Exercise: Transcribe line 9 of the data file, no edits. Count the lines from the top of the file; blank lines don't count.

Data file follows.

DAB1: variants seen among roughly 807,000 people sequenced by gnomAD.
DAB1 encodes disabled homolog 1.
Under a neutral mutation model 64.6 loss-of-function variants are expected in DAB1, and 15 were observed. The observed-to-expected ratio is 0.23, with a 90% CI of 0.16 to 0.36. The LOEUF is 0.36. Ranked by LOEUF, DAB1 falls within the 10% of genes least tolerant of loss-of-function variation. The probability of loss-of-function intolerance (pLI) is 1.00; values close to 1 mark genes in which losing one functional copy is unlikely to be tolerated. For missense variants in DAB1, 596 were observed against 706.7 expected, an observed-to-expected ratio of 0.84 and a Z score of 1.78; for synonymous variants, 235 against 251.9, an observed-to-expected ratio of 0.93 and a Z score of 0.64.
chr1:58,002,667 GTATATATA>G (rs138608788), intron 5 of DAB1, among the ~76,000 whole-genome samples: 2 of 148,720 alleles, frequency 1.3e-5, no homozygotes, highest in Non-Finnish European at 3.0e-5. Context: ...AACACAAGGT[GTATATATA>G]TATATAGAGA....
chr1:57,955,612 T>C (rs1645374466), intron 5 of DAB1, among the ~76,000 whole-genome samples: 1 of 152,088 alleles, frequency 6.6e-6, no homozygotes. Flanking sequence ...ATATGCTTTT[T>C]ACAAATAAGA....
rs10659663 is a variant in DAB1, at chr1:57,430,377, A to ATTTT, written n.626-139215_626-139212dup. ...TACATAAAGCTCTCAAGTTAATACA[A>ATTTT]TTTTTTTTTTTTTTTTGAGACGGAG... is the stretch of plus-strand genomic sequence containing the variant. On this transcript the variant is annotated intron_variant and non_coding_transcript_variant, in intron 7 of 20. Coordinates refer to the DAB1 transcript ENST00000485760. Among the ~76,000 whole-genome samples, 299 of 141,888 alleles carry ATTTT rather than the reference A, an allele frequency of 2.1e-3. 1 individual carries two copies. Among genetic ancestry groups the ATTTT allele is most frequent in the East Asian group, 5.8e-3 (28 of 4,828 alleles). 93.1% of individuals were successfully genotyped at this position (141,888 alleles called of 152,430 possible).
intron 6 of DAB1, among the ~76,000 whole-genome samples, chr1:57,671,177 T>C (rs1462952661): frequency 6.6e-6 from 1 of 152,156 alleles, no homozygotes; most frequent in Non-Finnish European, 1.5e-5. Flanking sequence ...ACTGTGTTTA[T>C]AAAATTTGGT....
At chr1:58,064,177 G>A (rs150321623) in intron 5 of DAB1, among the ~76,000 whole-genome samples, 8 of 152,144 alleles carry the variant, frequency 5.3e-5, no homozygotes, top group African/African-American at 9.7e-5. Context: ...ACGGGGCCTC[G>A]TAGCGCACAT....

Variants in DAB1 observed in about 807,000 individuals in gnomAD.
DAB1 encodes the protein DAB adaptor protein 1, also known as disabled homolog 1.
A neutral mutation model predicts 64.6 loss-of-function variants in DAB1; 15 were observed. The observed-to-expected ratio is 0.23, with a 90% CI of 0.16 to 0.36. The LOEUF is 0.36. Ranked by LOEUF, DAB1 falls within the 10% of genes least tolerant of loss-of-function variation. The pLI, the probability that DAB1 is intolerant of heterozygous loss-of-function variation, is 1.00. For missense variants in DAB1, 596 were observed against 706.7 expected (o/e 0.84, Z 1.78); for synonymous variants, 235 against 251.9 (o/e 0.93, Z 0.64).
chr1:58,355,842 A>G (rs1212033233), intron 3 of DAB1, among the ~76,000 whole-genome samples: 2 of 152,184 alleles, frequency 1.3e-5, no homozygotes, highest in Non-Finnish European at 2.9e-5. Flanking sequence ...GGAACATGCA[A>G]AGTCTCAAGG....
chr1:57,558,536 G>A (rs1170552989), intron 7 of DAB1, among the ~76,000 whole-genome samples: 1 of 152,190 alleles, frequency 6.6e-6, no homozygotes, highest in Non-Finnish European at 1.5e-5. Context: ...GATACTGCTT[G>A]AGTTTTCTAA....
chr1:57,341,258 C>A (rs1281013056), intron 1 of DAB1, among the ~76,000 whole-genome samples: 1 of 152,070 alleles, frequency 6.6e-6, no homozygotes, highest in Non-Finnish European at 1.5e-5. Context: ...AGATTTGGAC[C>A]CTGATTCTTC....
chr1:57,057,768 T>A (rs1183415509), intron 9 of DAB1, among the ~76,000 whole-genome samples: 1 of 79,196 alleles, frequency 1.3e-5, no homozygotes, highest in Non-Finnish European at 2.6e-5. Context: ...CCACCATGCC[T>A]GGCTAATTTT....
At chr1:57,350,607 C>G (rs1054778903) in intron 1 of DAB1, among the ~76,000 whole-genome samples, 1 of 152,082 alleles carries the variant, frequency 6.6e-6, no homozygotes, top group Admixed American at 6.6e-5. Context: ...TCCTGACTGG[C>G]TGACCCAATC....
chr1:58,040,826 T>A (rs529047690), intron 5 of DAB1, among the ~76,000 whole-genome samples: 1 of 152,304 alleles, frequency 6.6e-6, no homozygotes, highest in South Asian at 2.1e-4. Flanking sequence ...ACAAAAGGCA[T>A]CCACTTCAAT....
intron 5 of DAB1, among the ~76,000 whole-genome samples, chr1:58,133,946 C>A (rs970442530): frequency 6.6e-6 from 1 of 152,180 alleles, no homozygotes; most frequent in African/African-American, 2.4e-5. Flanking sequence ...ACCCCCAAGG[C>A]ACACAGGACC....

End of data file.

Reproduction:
Variants in DAB1 observed in about 807,000 individuals in gnomAD.